Article about Elvis Costello, and review of concert at London, Royal Albert Hall on 1999-04-15, 1999-04-30
- David Mogolov


Elvis Lives
Reminiscing about angry-young-man-turned-pop-Pavarotti Elvis Costello, on the eve of his return to American stages.



Like most of the world in the 22 years since the release of his debut album, "My Aim Is True", Elvis Costello has changed in ways no one would have foreseen in the '70s.

It may be taken as a rare sign of long-term stability, then, that in 1999, Costello would still be taking the stage at London's Royal Albert Hall with Attractions keyboardist and career-long co-conspirator Steve Nieve. Those who were old enough to hear the two the first time around may grow nostalgic upon hearing them play "(I Don't Want To Go To) Chelsea" and "Temptation." To them, Costello and Nieve's five-night British tour is a reminder of things past and permanent.

To others, though, including Costello himself, nights mostly spent revisiting Elvis Costello and the Attractions songs are not a trip backwards, but a celebration of what Costello's work has become, and what it continues to become with each performance. The songs, though familiar in lyric and melody, are no longer the songs of the angry young Costello, who fought his way through the hellhole clubs of '70s London and came out with a pack of rabid fans, including every critic whose ears got in his way. They are now the songs of an eclectic 44-year-old artist who's lost touch with his anger, but not the humor and humility that tempered it.

He may have acted like a punk then, but he wasn't riding on the same bus as Sid Vicious. His diverted down the same road as Joe Strummer's, before leaving the road, crashing into a river with Roy Orbison and floating out into the wide ocean. Now, the same lyrics he would have shouted in '77 might be delivered with accompaniment by the Brodsky Quartet, a banjo-wielding Nick Lowe, or God forbid, Burt Bacharach.

The self-described "young and impetuous" Costello was seen as a threat to straight society, but he and Nieve now look every bit a part of it. Nieve looks like a political science professor, and Costello could well be mistaken for a tenured member of any biology department.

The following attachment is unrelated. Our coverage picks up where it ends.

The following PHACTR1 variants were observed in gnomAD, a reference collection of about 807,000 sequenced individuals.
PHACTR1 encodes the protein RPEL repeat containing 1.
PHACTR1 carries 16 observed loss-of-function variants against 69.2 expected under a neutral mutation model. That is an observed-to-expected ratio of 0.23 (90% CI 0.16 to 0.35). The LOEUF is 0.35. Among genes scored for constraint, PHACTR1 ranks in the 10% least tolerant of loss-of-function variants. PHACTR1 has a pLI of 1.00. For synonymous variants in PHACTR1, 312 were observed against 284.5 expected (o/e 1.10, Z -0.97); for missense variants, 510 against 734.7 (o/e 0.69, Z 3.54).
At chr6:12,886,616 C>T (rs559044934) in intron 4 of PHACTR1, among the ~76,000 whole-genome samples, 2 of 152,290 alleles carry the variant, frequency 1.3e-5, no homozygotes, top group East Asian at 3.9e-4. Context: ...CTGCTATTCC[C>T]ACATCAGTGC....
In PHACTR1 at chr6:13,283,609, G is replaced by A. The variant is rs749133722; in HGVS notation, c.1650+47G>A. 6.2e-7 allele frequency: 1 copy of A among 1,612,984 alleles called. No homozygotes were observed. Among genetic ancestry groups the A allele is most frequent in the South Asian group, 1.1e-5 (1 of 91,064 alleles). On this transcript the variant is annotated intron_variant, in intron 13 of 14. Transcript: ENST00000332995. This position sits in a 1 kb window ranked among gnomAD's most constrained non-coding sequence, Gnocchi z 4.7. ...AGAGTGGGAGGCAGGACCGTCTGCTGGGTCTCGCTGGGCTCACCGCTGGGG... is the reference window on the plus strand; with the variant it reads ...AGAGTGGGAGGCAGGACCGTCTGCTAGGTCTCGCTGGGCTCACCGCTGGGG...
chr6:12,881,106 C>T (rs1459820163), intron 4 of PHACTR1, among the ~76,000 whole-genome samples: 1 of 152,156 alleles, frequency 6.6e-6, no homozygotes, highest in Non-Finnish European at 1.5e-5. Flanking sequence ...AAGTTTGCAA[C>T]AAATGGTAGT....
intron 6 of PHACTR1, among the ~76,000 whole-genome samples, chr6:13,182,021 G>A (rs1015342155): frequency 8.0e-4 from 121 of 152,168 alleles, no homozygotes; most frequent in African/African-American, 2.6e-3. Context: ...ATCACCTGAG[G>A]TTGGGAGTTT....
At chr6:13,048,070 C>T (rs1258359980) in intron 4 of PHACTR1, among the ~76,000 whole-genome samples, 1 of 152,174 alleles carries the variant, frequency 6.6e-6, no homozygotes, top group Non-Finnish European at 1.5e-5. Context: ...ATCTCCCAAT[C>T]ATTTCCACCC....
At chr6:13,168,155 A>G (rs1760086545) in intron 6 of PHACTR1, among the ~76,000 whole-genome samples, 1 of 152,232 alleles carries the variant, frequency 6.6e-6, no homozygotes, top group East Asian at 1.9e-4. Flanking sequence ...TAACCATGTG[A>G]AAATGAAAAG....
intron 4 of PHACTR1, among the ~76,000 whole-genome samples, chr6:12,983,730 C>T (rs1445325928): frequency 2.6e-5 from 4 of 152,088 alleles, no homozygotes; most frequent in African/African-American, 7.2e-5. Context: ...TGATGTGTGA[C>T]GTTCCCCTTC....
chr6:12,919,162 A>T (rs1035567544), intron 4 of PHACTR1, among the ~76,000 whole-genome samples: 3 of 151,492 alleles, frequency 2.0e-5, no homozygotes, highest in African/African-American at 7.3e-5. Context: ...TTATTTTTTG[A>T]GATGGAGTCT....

Appearances, though, are not what they seem, and Elvis would probably still make unacceptable company at Buckingham Palace dinners. Commenting onstage that Margaret Thatcher "is a fucking disgrace for going to tea with that mass murderer"— former Chilean dictator Augusto Pinochet — and referring to NATO spokesman Jamie Shea as "a skilled liar" destined to be struck by a lightning bolt from God, he made clear that his political views are still anti-establishment.

On the other hand, his politics were always at least somewhat obscured by lyrics which focused more on storytelling than moralizing. Songs such as "Oliver's Army," "Pills and Soap," and "Less Than Zero" are all products of Costello's political conscience, but never explicitly say "Margaret Thatcher is a fucking disgrace."

"Shipbuilding," one of his few overtly political songs, is more memorable for its beauty than its message. Chet Baker's trumpet part alone is enough to make the Falkland Islands seem insignificant. At the Albert Hall last week, stripped of everything but Nieve's piano and Costello's voice, the song was like a jangling nerve between the shoulder blades. Costello's voice evoked the quiet, disconcerting impact of a faraway war on ordinary people. The positioning of the song in the setlist between "Oliver's Army" and "(What's So Funny About) Peace, Love, and Understanding?" was a deliberate one, giving the third of his four encores a timely thematic sweep, a question subtly unasked about whether or not England ought to be bombing yet another country. As has long been typical of his presentation, half of Costello's point isn't in what he says or does, but how he says or does it.